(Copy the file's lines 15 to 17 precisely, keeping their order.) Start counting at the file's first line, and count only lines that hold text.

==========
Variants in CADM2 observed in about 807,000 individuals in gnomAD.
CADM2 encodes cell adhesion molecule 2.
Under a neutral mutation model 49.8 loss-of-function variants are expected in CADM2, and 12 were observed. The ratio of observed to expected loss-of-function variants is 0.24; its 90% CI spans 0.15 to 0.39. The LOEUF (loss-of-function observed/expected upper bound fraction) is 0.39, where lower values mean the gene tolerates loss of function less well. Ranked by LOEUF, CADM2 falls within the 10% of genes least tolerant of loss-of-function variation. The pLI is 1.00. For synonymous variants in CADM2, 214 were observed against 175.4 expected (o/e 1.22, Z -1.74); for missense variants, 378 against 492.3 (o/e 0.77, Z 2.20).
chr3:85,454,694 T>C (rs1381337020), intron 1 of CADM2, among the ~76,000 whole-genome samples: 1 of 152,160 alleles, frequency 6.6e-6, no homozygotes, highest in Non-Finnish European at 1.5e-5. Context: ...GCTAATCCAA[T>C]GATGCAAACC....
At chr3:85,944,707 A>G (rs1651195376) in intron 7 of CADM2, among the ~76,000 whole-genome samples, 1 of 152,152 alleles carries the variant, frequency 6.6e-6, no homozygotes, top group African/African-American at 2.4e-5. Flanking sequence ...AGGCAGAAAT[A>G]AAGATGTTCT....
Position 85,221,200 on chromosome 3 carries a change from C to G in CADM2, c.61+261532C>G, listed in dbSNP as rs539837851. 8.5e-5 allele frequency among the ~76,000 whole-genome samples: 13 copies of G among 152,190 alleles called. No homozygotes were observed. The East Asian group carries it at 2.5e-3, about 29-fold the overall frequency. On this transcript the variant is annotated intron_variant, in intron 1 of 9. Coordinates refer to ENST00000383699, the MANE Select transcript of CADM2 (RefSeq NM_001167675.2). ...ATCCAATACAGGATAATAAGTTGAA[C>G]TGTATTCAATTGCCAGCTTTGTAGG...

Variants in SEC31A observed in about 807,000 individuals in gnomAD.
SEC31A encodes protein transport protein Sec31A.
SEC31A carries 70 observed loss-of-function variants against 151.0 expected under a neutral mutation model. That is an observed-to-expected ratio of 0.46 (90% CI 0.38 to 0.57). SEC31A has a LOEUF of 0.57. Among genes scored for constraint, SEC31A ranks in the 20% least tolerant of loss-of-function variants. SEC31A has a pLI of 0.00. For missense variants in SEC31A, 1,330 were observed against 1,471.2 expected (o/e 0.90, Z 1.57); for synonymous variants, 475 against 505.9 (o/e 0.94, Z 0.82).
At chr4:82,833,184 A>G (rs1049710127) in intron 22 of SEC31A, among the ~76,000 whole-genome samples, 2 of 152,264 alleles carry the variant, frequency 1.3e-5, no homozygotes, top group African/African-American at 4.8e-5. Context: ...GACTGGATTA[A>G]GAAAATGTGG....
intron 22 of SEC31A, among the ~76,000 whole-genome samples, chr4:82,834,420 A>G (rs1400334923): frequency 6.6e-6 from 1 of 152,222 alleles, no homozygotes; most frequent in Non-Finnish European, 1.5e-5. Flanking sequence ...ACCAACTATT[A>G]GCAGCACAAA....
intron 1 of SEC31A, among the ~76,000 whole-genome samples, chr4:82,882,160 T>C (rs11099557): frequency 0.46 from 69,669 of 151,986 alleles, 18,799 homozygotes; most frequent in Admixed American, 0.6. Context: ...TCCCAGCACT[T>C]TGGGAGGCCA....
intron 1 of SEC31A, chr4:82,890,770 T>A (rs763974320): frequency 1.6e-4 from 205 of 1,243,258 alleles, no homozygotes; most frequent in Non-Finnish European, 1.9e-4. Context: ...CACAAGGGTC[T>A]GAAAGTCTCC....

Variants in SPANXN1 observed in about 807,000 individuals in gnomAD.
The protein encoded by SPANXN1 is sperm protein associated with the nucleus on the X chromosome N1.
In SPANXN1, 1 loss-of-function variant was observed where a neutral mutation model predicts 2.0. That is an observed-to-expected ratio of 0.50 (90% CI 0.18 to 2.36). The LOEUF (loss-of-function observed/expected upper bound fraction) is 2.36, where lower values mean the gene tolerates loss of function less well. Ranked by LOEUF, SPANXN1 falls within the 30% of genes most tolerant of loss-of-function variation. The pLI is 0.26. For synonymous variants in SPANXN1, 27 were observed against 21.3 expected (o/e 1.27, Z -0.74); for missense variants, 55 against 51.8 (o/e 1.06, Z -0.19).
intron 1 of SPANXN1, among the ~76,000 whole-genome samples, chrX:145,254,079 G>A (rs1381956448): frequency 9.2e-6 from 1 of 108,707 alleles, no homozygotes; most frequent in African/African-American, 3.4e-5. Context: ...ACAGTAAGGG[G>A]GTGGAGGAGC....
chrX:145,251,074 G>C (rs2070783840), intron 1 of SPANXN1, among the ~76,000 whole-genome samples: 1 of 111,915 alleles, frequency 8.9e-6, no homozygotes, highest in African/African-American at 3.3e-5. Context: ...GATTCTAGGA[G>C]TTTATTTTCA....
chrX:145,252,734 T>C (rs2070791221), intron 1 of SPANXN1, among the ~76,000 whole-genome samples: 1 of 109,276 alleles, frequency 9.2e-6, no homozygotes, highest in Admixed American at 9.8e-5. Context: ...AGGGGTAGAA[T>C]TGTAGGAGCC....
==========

The protein encoded by SPANXN1 is sperm protein associated with the nucleus on the X chromosome N1.
In SPANXN1, 1 loss-of-function variant was observed where a neutral mutation model predicts 2.0. That is an observed-to-expected ratio of 0.50 (90% CI 0.18 to 2.36). The LOEUF (loss-of-function observed/expected upper bound fraction) is 2.36, where lower values mean the gene tolerates loss of function less well. Ranked by LOEUF, SPANXN1 falls within the 30% of genes most tolerant of loss-of-function variation. The pLI is 0.26. For synonymous variants in SPANXN1, 27 were observed against 21.3 expected (o/e 1.27, Z -0.74); for missense variants, 55 against 51.8 (o/e 1.06, Z -0.19).
intron 1 of SPANXN1, among the ~76,000 whole-genome samples, chrX:145,254,079 G>A (rs1381956448): frequency 9.2e-6 from 1 of 108,707 alleles, no homozygotes; most frequent in African/African-American, 3.4e-5. Context: ...ACAGTAAGGG[G>A]GTGGAGGAGC....